9 times out of 10, middle school “romantic” relationships are pointless. You don’t even know who you are in 8th grade, how are you going to pick a meaningful partner? And if you are like me, you believed whatever your teachers told you. After all, they are adults. They must have something figured out.
I had a unique teacher in middle school. In 8th grade he was my homeroom teacher, Bible teacher and History teacher. As a History teacher, he was one of the best I ever had. He was also the basketball coach and would spend large portions of class yelling at his team members. If someone asked why we weren’t moving onto Bible studies he would often reply, “I’m talking to the basketball team. If your phone isn’t ringing, don’t answer it.”
He had a myriad of such quips, one-liners that we heard several times a day. Everytime someone forgot to close the door it would be, “Were you born in a barn?” If you looked at the clock, “Do you have a date?” He named each table in the classroom and gave most students nicknames. (Which occasionally backfired when he nicknamed a girl who had a temper, Kong, and her parents become involved, at the time I thought they overreacted but perhaps more parents should have intervened). I was nicknamed Buffy. I still have no idea why and sat in the backrow which were “The Backrow Baptists” and you supposedly were only allowed to sit back there if you were smart and well-behaved bc it was easy to get away with things back there.
He was a practical joker, once pretending to throw a cup of coffee at a student only to have it rain down paper confetti. As you might guess, our classes were dictated by his whims. And one strange one he once conjured up was to play “The Dating Game”.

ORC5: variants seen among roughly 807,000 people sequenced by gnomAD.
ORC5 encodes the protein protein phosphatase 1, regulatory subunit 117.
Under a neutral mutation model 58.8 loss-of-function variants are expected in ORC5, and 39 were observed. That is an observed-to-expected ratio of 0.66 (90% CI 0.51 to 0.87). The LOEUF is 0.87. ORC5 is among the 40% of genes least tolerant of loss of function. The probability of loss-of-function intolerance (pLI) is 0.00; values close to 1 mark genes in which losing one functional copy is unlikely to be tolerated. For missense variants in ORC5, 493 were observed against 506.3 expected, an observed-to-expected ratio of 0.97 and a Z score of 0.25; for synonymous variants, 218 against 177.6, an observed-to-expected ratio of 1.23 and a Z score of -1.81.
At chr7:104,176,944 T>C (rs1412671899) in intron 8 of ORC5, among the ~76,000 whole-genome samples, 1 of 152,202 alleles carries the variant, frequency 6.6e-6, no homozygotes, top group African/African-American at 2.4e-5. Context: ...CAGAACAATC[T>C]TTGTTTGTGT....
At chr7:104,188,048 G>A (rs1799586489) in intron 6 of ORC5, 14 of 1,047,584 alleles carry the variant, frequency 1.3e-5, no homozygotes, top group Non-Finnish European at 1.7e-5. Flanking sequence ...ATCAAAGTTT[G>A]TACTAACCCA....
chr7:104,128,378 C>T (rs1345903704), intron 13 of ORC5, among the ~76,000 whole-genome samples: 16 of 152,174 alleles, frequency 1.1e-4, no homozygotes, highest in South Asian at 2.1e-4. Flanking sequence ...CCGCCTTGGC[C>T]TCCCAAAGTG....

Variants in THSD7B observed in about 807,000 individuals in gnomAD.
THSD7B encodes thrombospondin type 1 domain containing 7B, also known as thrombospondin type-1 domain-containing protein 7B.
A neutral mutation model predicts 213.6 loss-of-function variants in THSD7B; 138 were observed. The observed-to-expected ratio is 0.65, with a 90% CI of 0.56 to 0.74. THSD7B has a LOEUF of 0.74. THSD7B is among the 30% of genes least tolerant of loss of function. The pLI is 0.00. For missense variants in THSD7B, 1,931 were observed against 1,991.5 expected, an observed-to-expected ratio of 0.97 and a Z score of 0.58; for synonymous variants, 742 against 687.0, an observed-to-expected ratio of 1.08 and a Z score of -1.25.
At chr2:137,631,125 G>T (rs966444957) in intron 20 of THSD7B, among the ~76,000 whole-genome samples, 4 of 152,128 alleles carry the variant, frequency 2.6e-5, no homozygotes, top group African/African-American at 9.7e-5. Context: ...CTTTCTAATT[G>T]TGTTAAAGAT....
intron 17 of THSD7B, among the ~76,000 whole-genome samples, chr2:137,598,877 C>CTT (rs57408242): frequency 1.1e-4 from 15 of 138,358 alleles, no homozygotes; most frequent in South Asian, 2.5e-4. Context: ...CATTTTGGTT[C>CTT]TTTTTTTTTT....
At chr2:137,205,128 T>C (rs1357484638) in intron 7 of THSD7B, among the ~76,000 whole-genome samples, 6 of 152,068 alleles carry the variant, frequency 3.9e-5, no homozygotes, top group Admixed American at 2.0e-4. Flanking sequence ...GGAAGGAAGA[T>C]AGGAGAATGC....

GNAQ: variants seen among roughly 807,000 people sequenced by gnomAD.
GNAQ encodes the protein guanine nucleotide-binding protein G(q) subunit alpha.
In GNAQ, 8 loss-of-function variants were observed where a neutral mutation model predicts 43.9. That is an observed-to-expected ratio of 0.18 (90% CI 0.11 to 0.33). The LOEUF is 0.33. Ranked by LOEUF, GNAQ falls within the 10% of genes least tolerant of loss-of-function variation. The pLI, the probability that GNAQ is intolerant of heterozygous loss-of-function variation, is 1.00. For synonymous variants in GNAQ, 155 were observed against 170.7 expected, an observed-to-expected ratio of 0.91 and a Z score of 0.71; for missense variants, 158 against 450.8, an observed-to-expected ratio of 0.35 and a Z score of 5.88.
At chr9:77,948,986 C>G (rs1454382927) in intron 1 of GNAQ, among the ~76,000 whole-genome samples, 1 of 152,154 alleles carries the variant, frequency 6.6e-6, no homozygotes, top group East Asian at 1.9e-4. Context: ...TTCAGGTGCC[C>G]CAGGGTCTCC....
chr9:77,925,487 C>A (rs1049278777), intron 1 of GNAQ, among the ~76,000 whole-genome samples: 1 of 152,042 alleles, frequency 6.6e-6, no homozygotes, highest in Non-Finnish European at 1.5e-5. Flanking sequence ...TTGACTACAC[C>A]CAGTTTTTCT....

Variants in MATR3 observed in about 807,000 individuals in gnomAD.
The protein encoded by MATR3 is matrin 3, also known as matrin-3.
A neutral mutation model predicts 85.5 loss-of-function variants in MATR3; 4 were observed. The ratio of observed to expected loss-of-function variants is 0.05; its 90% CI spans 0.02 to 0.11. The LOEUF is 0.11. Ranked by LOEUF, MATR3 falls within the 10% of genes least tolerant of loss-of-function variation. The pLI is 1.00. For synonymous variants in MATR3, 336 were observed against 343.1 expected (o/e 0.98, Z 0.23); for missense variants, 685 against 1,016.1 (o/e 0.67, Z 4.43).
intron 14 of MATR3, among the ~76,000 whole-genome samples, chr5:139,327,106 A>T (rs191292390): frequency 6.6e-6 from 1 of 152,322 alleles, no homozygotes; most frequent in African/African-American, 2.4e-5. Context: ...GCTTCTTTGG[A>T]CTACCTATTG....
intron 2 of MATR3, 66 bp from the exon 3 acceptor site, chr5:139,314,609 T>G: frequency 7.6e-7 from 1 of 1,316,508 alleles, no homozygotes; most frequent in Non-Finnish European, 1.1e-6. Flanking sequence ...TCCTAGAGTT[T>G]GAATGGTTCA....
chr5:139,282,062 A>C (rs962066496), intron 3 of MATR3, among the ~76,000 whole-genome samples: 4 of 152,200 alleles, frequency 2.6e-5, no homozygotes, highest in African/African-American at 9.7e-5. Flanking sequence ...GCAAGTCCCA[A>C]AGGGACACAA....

Everyone’s name, out of a class of twenty-five, went into two cups. One male, one female. Three girls were going to be picked and then paired up by responses to questions. They would then “date” for a week. Were qualifications put on this “dating”? I don’t recall. There was no opting-out, a teacher is lord, even more so in a private school. But there was general excitement among the girls for the most part, this might give them a chance to sit next to their crush for a week’s worth of lunches.
The girls were picked first so they could be sent out to the hallway so they wouldn’t know which boys were chosen. First Julieann, then Rachel, then me…
One stereotype of private schools that I found to be true in my childhood is that they are very cliquish. There wasn’t a lot of us and most of us had been going to the same school together for nine years. You pair off into groups, there is very little added variety, you become set in your ways. Of the three girls, none of us were “popular”. Maybe I imagined it, but I recall feeling an aura of disappointment. No one cared much about our love lives.
I didn’t want to do this. I immediately panicked. There seemed to be some kind of stipulation that you had to eat lunch with your “date”. And I never went to lunch. My lunch period was the same time as Flan’s (the teacher I was obsessed with) free period and I always spent it in her room. But I was never one to question authority and didn’t have a voice to speak up for myself in those days, so I followed the other two girls out of the classroom.
We huddled at the door trying to hear what was going on inside. Trying to figure out what questions the guys were being asked to answer. I can’t recall a single one of them. But my choices led me to be paired with a guy named Jake. Jake wasn’t all that bad. In fact during seventh grade, I sat between him and another guy during science class and got in trouble for talking and laughing, which is something that I rarely did.